Macs use the same hardware as a PC, for the most part. In fact Apple uses the same Intel processors and Samsung memory IC's that you'd find a laptop. Gaming is and always has been the biggest drawback for Apple based computers because you have to buy a iMac Pro desktop if you want something powerful enough...
Best answer: Macs use the same hardware as a PC, for the most part. In fact Apple uses the same Intel processors and Samsung memory IC's that you'd find a laptop. Gaming is and always has been the biggest drawback for Apple based computers because you have to buy a iMac Pro desktop if you want something powerful enough to play PC games. The hardware configuration the new iMac Pro isn't really ideal for gaming to begin with since it uses a high core count Intel CPU and a Vega Frontier Pro graphics card. If you bought a Mac for gaming you would end up being disappointed. Apple doesn't make any kind of setup they can market towards PC gamers because they'd have to preinstall Windows 10 on top of OS-X in order to do that. Macs are more geared toward content creation, video editing, and other creative types of work. They are not great number crunchers if GPU acceleration is highly needed. Most of the people who buy Macs are invested in Mac only software.
PC gaming isn't as simple as a console because everything is preconfigured with a console. There is no guesswork in adjusting the settings, or wondering how well your system will run a game. This can be the same way for a PC as well if you were just gaming on a 1080p display and you spent $1500 on the tower. However to get the most out of your hardware you would really need to figure out what kind of monitor or display setup you'd like to use before you pick what goes inside your tower.
1080p is the most widely used monitor setup. Some gamers will spend more money on a 1440p or even a 2160p display. Higher screen resolutions need a better graphics card. You can easily play any PC game you want at 1080p high settings with a GTX 1050ti but the 1050ti would be overwhelmed trying to play games at 2160p. A card like the GTX 1080ti is geared towards gamers who play at 4k, and a GTX 1060 or AMD RX 580 is geared towards people who want 1080p Ultra settings or 1440p medium to high settings. Something like a GTX 1070, GTX 1070ti, and RX Vega 56 is geared towards 2560x1080 21:9 or a standard 1440p display. What you get depends on what graphics detail and FPS you want at a particular screen resolution.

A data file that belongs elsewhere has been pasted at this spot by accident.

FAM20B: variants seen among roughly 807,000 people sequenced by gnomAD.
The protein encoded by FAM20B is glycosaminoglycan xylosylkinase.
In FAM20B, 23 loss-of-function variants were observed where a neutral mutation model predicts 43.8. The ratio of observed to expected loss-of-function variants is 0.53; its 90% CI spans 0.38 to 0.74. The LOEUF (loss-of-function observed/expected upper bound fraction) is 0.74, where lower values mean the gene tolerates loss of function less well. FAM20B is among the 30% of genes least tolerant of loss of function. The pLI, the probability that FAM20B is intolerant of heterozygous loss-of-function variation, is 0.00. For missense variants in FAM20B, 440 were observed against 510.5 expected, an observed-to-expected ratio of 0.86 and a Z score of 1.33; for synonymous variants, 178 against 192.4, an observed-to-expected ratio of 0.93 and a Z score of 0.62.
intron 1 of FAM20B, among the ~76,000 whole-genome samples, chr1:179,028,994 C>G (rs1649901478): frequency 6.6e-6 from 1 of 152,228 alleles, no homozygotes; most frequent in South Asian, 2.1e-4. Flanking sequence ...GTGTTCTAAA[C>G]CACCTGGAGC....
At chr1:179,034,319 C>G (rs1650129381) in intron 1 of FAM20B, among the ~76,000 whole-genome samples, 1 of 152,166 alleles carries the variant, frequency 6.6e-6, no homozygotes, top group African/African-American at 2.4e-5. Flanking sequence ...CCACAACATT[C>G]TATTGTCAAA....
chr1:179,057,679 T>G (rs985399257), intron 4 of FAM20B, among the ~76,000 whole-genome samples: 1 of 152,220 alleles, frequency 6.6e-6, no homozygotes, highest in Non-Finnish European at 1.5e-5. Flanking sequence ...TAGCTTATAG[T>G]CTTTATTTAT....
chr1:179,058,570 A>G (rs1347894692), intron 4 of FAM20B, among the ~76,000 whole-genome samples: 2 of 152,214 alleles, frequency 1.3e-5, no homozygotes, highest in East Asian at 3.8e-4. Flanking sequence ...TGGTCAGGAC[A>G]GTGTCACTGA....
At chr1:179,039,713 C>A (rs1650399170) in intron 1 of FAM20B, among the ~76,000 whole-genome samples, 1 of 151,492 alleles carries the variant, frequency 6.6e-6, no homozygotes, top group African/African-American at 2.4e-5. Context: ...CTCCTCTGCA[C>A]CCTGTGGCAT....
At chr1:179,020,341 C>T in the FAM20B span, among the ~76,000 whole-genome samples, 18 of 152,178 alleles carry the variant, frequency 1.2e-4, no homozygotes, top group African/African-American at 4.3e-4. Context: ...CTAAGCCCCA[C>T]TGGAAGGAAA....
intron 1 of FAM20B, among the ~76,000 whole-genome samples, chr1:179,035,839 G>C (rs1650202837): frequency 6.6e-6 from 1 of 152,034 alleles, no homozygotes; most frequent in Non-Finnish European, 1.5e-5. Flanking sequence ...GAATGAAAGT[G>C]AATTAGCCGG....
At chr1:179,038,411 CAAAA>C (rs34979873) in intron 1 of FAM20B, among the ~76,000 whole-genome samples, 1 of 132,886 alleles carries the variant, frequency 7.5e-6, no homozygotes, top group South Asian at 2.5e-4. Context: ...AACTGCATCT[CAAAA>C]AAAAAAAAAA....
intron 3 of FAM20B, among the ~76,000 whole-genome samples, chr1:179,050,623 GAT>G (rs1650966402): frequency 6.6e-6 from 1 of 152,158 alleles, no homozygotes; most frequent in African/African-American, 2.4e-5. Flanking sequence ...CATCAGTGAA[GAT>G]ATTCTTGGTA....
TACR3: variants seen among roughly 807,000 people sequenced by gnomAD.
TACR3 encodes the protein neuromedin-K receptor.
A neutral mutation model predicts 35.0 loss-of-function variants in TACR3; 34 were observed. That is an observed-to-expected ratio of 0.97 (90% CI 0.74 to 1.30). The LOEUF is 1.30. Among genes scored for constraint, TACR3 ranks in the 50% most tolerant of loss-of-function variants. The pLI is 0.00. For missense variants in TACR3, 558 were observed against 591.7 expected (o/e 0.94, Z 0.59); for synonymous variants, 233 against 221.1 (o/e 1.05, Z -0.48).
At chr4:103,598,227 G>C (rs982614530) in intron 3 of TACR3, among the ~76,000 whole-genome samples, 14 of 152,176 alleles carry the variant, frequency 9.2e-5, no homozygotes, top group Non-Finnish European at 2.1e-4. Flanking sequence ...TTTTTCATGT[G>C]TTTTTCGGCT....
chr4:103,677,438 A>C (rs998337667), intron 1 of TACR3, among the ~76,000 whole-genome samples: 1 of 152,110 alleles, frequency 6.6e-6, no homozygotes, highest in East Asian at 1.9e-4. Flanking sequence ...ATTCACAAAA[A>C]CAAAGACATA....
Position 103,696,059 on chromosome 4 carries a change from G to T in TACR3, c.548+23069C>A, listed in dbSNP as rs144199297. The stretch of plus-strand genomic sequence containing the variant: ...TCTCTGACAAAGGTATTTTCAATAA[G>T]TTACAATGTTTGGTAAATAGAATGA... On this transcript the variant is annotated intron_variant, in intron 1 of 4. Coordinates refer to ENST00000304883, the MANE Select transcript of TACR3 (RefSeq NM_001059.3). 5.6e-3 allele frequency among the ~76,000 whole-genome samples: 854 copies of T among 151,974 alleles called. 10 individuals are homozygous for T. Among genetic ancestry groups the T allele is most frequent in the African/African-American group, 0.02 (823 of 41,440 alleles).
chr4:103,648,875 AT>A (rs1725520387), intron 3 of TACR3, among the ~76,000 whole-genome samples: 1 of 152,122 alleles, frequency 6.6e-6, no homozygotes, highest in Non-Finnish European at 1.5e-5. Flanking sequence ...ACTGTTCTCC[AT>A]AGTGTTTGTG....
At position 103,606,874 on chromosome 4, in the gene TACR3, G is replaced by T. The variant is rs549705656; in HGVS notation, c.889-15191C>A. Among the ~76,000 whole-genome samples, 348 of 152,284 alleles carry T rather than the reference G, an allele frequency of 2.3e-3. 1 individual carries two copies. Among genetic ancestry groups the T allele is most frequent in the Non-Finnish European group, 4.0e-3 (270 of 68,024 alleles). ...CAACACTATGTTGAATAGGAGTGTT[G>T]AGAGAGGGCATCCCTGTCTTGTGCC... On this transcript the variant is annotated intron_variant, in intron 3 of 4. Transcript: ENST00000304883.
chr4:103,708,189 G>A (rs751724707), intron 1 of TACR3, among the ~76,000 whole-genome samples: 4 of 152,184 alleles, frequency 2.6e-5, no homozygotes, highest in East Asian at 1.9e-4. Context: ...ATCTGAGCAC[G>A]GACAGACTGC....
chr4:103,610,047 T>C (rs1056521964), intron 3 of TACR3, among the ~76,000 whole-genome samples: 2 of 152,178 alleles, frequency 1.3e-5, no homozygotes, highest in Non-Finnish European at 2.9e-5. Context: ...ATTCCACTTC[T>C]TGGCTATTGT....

The CPU is less important in a gaming rig. People build budget gaming computers with processors like the AMD Ryzen 1200 and Intel Pentium g4600 that cost $80 to $110. However for the ideal gaming PC, a $200 Ryzen 5 1600 or 1600x, or the Intel Core i5-8400 are the all around picks. There is a myth that you need a high end CPU like a Core i9-7900x or Core i7-8700k if you're gaming at 4k but in reality the GPU is bottlenecked at these screen resolutions because more pixels are difficult to process. Once your game allows the GPU to render 90fps and more, the workload will get shared with the CPU.
PC gaming opens up the option to use a 144hz monitor which will allow the screen to produce 144fps. Some people don't see much of a difference but others do. These types of monitors are ideal for fast paced First person shooter games. The only catch behind these is you need a relatively powerful PC to push good settings while giving you plentiful Frames Per Second. This is where picking a fast CPU become important. For the most part the 6-core Core i5-8600k or Core i7-8700k is ideal for this type of setup. You also need a faster graphics card like a GTX 1070. A GTX 1080 is more ideal for a 1080p 144hz monitor setup.
You can get by with 8gb of RAM but only if you're gaming on a 1080p monitor with a mid-tier graphics card like the GTX 1060 at the most. Higher screen resolutions combined with a higher end graphics card will use more system RAM. This is when 16gb of RAM is ideal.
Since you're new to this I can only imagine that you're leaning towards buying a prebuilt PC to play games. You can save money by building your own PC but there is a lot of research that goes into this. You can look at synthetic benchmarks to get an ideal about ranking in a lineal fashion, but if you're trying to find a card that fits at a particular resolution, or if you want to overkill your setup, then it's a good idea to read over benchmark based reviews on graphics cards. Sites like guru3d, Tom's Hardware, anandtech, Techpowerup, hardocp, and techspot will show how cards compare to one another and give you more details on the cards.